If the service tech couldn't resolve the problem, he/she was either not a qualified Kenmore tech (they're all factory trained on just about every model Kenmore ever made), or the machine is beyond hope (doubtful, it's a Kenmore!).
Have you tried using dental floss (unwaxed, non-flavoured) sprayed with 70% isopropyl alcohol to 'floss' the tension discs if the tension knob is on the exterior of the machine - if the tension knob is not located on the exterior of the machine, you can 'floss' the upper thread path, just use a very long piece of floss.
Any road, flossing your machine tension discs or upper thread path should remove even the tiniest piece of thread fluff that is likely the source of your problem.
The only other thing I can think of just now would be timing - the tech should have spotted a timing problem, though.
If flossing doesn't resolve your issue, you may want to give up on this machine. Or find a genuine Kenmore factory trained repair tech.
Thank you for your suggestions.
I have a Singer 413 zig zag machine. What is the proper tension setting? How can I set it to a small stitch? There is no manual. Thank you!
By Linda H.
First of all - here's a link to a free download pdf from the Singer website for your machine:
If the link doesn't take you straight to the download (my links usually go straight to the download but on occasion take you to the Singer support page instead), it will take you to the Singer page for finding the right manual - use the search feature and type in '413' (omit punctuation), then click on the free download. I always print these out and put them into a 3-ring binder for my sewing students and machine repair customers here in Scotland because it's so much easier to use the manual in a flat open configuration.
Now, the tension setting for zig-zag sewing should always be at least one number looser than for straight stitching, and depends on the fabric, thread, and needle you're using. It's not length that you need to determine and set for zig-zag sewing, too, it's width. That takes some experimenting using a test scrap of your fabric - Bonus, you'll also figure out your tension setting with the test swatch, too:)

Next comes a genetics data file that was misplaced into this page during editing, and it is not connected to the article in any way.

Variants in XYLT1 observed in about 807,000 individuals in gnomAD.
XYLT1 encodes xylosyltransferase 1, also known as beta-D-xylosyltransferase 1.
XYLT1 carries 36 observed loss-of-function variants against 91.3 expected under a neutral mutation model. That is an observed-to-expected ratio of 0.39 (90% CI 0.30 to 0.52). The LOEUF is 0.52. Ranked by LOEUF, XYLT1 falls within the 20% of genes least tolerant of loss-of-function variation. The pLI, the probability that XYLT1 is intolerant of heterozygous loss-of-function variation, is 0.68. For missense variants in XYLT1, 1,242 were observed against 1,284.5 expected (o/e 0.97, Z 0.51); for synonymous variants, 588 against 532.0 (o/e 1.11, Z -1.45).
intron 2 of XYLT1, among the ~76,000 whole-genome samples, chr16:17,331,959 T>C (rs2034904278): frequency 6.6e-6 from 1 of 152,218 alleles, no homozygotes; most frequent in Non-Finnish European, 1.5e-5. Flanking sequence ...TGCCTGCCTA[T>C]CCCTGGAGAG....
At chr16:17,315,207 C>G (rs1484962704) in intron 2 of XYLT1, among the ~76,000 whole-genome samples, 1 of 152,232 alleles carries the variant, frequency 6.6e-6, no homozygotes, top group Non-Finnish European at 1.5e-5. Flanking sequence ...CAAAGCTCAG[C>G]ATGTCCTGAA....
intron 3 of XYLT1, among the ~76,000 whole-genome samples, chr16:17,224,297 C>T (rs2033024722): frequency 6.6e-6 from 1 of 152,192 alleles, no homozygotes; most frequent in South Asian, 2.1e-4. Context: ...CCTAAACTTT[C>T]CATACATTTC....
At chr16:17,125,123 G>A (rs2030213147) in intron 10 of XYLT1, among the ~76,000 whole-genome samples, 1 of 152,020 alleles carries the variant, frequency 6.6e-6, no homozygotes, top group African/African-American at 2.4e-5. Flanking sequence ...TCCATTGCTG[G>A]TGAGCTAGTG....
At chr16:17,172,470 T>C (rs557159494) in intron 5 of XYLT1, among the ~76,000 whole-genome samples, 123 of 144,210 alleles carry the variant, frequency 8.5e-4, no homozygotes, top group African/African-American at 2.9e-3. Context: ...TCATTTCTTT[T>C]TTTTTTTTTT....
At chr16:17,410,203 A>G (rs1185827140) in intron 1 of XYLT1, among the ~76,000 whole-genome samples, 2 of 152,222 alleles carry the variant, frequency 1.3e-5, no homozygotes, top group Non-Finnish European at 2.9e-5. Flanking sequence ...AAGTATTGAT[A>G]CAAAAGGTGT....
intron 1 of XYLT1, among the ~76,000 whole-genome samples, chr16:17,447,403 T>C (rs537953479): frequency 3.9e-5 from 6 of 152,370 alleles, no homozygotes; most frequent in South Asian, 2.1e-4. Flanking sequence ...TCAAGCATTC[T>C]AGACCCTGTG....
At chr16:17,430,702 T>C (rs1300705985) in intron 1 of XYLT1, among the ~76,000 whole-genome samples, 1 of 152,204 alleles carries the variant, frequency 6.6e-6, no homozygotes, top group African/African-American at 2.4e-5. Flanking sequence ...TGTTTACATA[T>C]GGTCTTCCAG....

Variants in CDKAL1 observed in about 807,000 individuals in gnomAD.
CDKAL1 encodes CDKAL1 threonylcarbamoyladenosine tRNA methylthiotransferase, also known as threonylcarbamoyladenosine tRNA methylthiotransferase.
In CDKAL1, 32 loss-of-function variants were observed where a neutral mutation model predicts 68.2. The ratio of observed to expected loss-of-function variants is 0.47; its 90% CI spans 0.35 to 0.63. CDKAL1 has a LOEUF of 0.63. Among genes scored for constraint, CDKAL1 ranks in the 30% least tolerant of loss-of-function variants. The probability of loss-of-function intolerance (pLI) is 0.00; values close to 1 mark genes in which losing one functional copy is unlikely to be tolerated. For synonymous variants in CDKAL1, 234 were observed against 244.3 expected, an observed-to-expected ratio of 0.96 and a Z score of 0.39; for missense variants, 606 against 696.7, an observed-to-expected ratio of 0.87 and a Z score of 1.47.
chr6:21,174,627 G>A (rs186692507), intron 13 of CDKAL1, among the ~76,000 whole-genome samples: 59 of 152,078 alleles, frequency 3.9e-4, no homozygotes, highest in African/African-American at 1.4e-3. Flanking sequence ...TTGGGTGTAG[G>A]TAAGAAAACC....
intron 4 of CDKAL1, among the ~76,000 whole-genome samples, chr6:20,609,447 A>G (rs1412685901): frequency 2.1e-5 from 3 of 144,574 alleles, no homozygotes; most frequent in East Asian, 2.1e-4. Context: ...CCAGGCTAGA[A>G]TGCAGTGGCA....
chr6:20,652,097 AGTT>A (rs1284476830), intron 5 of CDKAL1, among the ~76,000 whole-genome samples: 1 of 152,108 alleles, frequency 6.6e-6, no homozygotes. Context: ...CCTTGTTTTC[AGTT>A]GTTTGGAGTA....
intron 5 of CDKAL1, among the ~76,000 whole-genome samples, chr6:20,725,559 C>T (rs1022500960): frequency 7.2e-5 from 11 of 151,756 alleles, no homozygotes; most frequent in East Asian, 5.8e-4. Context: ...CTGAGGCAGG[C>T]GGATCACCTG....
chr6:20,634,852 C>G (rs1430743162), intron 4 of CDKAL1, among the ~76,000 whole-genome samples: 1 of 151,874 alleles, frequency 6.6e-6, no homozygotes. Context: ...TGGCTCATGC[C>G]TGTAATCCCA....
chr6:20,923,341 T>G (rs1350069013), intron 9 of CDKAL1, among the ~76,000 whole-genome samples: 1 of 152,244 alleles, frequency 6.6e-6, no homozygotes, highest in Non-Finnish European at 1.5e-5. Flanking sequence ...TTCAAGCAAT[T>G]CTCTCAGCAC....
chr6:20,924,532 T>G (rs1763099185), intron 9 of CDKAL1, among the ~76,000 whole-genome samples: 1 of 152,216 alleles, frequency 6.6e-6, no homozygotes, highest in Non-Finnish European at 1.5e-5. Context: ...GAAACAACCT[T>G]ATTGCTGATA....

The manual will tell you everything you need to know about setting the tension on your 413, and it will also show you how and when to adjust stitch length and width.
You may need to adjust your tension dial with your fabric you are using and kind of thread, also adjust to thickness of fabric. Always use good sharp needles with your sewing and keep machine clean and oiled.
I have a Singer One sewing machine. I just got it from my sister who took poor care of it. The thread holder is missing so I made a makeshift one, but I am having huge troubles working it. I don't understand how to thread or feed the material. I push and it does nothing, only when I pull does it properly "sew". Also, when I pull the material out to cut it and see if it's working, it usually snaps. I had my tensions at auto, then I changed it to 9. I also put it on the standard first button at 2.6 and then increased that to 3.5, but I'm still struggling to understand why it won't work, and along with that wasting a ton of thread.
Use this link to the Singer website free download of the user manual:
That's a beautiful machine with tonnes of fab features - it may need a visit to the repair tech for a good going over and cleaning, but give the user guide a try first as you may find all your questions answered and information on replacing that spool holder (usually less than a tenner including postage and packing).
I have a White sewing machine that is from the 1960s. I am trying to sew a sheer fabric and I am using a #11 needle and Talon size 50 thread. I have replaced the needle, rethreaded the bobbin, rethreaded the machine, and still the thread loops on the underside. I have adjusted the tension on the top. What else can I do?
Check your bobbin. Is it wound properly, using same thread as top stitch, is the bobbin thread put in correctly and is it in the correct direction? This may clear up your problem.
Try a No 9 size needle, and be sure your feed dogs are set for the fabric you're using.
Also, try flossing (yes, dental floss, unwaxed:) the tension discs - it's done just the way you do your teeth! Wipe the piece of floss with some 70-92% isopropyl alcohol (not the green stuff, it's got oils in it!) and look for bits of lint and fluff on the floss; you may also see some 'grime' come back on the floss.
A last resort (as in very last resort!) try to adjust the BOTTOM tension by turning that teeny tiny screw in the bobbin casing a very teeny tiny bit left or right - try to sew a line as a test, if this helps but not enough, turn a teeny tiny bit again then test, and again then test, and again until your tension is sorted properly. Be VERY careful when turning that screw because...
If none of the above helps, it's time for a trip to the repair tech - among other things, the bottom bobbin tension gear may need replacing/adjusting and this is best done by a qualified tech - bottom bobbin tension is so delicate most manufacturers will state in the user guide that they really do not want the home user attempting to adjust it.